We present our Theorem 2.1 in [4] in an affine invariant form since ${F}^{\prime}{({x}_{0})}^{1}F$ can be used for F in the original proof of Theorem 2.1.
 (1)The scalar sequences $\{{v}_{n}\}$ and $\{{w}_{n}\}$ given by$\begin{array}{l}{w}_{n}={v}_{n}{g}^{\mathrm{\prime}}{({v}_{n})}^{1}g({v}_{n}),\\ {b}_{n}={g}^{\mathrm{\prime}}{({v}_{n})}^{1}({g}^{\mathrm{\prime}}({v}_{n}+\frac{2}{3}({w}_{n}{v}_{n})){g}^{\mathrm{\prime}}({v}_{n})),\\ {v}_{n+1}={w}_{n}\frac{3}{4}{b}_{n}(1\frac{3}{2}{b}_{n})({w}_{n}{v}_{n})\end{array}\}$(2.11)
 (2)The sequences $\{{x}_{n}\}$ and $\{{y}_{n}\}$ generated by (JM) are well defined, remain in $\overline{U}({x}_{0},{v}^{\star})$ for all $n\ge 0$ and converge to a unique solution ${x}^{\star}\in \overline{U}({x}_{0},{v}^{\star})$ of the equation $F(x)=0$, which is the unique solution of the equation $F(x)=0$ in $U({x}_{0},{v}^{\star \star})$. Moreover, the following estimates hold for all $n\ge 0$:
Remarks 2.2 The bounds of Theorem 2.1 can be improved under the same hypotheses and computational cost in two cases as follows.
for all $x\in \mathcal{D}$. We can find upper bounds on the norms $\parallel {F}^{\prime}{(x)}^{1}{F}^{\prime}({x}_{0})\parallel $ using ${M}_{0}$, which is actually needed, and not K used in [4].
Note also that if ${M}_{0}=K$, then ${\overline{v}}_{n}={v}_{n}$, ${\overline{w}}_{n}={w}_{n}$.
Case 2. In view of the upper bound for $\parallel F({x}_{n+1})\parallel $ obtained in Theorem 2.1 in [4] and (2.21), $\{{t}_{n}\}$, $\{{s}_{n}\}$ given in (3.9) and (3.10) are also even more precise majorizing sequences for $\{{x}_{n}\}$ and $\{{y}_{n}\}$. Therefore, if they converge under certain conditions (see Lemma 3.2), then we can produce a new semilocal convergence theorem for (JM) with sufficient convergence conditions or bounds that can be better than the ones of Theorem 2.1 (see also Theorem 3.4 and Example 3.5).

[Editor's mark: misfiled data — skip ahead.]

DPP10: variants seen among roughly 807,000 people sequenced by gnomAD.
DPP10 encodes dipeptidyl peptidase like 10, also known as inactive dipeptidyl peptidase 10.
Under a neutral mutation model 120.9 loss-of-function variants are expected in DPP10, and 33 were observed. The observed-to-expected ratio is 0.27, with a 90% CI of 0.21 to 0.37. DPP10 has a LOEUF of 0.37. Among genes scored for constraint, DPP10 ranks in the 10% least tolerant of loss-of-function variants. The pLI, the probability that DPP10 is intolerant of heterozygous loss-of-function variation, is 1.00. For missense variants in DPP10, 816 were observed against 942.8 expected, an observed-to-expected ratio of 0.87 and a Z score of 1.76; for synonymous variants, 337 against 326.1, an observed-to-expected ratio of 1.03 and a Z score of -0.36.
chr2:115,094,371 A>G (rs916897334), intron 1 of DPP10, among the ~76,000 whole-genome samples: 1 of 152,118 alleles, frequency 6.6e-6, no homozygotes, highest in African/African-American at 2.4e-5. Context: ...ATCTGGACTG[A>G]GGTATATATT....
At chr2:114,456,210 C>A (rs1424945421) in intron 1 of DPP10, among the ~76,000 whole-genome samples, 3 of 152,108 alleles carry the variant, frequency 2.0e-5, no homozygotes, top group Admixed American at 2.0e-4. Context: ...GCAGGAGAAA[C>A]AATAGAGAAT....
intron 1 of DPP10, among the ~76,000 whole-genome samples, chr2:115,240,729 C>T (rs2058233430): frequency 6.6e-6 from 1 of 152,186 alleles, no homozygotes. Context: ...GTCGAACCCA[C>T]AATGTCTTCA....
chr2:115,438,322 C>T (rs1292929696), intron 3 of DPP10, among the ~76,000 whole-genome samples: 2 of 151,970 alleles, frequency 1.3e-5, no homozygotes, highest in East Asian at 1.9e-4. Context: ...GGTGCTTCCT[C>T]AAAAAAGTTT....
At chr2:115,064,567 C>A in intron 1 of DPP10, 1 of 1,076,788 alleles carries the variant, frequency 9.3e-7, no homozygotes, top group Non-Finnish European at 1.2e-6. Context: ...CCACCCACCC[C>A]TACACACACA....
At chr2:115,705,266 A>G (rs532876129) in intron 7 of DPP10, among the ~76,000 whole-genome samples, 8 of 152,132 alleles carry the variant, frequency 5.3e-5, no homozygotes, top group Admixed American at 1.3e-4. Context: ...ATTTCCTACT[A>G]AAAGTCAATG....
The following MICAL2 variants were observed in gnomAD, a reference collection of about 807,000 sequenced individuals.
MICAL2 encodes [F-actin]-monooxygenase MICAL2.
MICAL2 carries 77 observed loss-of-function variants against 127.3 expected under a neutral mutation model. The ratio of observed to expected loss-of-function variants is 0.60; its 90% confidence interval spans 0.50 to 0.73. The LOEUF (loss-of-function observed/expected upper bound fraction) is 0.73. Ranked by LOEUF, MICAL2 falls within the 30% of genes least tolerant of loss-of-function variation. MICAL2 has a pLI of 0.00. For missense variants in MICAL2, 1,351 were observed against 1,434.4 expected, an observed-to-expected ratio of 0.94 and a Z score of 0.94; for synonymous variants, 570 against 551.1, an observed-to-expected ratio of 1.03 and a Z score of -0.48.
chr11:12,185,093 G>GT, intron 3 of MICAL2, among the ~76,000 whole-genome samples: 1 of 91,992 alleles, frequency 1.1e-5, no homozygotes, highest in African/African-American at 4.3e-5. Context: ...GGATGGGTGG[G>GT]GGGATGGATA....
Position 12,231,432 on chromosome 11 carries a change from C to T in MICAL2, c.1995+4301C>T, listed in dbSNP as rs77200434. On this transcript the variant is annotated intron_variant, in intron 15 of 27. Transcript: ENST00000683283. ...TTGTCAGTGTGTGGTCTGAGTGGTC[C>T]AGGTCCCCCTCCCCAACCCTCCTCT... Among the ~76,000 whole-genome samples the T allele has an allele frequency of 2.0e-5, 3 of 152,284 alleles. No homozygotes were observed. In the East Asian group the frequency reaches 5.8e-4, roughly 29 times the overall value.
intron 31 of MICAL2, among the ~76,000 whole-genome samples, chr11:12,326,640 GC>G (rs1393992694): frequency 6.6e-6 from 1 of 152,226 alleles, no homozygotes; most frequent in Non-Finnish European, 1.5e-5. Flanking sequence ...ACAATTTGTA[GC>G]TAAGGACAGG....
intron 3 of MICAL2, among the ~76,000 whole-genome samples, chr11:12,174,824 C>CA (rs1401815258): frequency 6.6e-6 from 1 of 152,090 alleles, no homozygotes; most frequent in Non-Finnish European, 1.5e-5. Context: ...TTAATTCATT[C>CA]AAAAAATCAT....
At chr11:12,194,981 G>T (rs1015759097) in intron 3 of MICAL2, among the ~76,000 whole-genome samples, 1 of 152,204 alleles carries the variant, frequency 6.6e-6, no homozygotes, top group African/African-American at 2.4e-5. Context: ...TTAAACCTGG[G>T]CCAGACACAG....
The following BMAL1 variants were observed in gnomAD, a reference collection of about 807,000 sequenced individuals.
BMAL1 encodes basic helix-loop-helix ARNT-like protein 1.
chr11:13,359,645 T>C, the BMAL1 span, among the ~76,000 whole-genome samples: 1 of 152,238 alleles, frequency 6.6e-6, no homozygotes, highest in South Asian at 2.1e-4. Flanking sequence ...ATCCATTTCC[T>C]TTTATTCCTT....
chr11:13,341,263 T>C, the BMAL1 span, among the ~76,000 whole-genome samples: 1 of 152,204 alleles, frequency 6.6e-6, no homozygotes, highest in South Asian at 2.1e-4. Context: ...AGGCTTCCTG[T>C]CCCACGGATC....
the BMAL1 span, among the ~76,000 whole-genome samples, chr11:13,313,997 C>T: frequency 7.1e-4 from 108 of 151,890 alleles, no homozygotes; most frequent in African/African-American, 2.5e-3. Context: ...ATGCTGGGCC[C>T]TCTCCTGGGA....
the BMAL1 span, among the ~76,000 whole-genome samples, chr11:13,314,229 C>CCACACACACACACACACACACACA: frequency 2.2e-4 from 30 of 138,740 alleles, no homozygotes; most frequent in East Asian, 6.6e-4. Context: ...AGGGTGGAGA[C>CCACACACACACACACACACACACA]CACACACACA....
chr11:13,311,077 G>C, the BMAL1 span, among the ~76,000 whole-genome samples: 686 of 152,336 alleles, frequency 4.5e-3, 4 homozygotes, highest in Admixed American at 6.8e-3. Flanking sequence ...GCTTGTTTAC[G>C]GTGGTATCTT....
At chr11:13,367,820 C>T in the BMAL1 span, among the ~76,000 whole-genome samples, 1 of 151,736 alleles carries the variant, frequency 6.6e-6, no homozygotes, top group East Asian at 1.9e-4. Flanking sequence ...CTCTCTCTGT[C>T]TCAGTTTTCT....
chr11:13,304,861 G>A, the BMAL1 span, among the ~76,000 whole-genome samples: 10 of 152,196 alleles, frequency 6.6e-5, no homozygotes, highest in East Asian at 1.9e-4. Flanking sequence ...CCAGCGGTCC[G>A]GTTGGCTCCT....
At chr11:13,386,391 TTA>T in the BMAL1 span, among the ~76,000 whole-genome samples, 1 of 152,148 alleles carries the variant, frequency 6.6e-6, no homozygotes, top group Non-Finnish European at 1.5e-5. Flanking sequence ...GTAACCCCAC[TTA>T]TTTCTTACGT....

Similar favorable comparisons (due to (2.20)) can be made with other iterative methods of the fourth order [1, 11].
3 Semilocal convergence analysis of (JM) using recurrent functions
We show the semilocal convergence of (JM) using recurrent functions. First, we need the following definition.
and the polynomial ${h}_{1}$ has a unique positive root ${\varphi}_{{h}_{1}}$.
If ${\varphi}_{1}=1$, then assume that (3.3) holds as a strict inequality. From now on (3.1)(3.3) constitute the (C) conditions.
We can show the following result on the majorizing sequences for (JM).
This completes the induction for (3.4)(3.9). It follows that the sequences $\{{s}_{n}\}$ and $\{{t}_{n}\}$ are nondecreasing, bounded from above by ${t}^{\star \star}$ given in a closed form by (3.6) and converge to their unique least upper bound ${t}^{\star}\in [0,{t}^{\star \star}]$. This completes the proof. □
which completes the induction for (3.38). This completes the proof. □
then the solution ${x}^{\star}$ is unique in $U(x,R)$.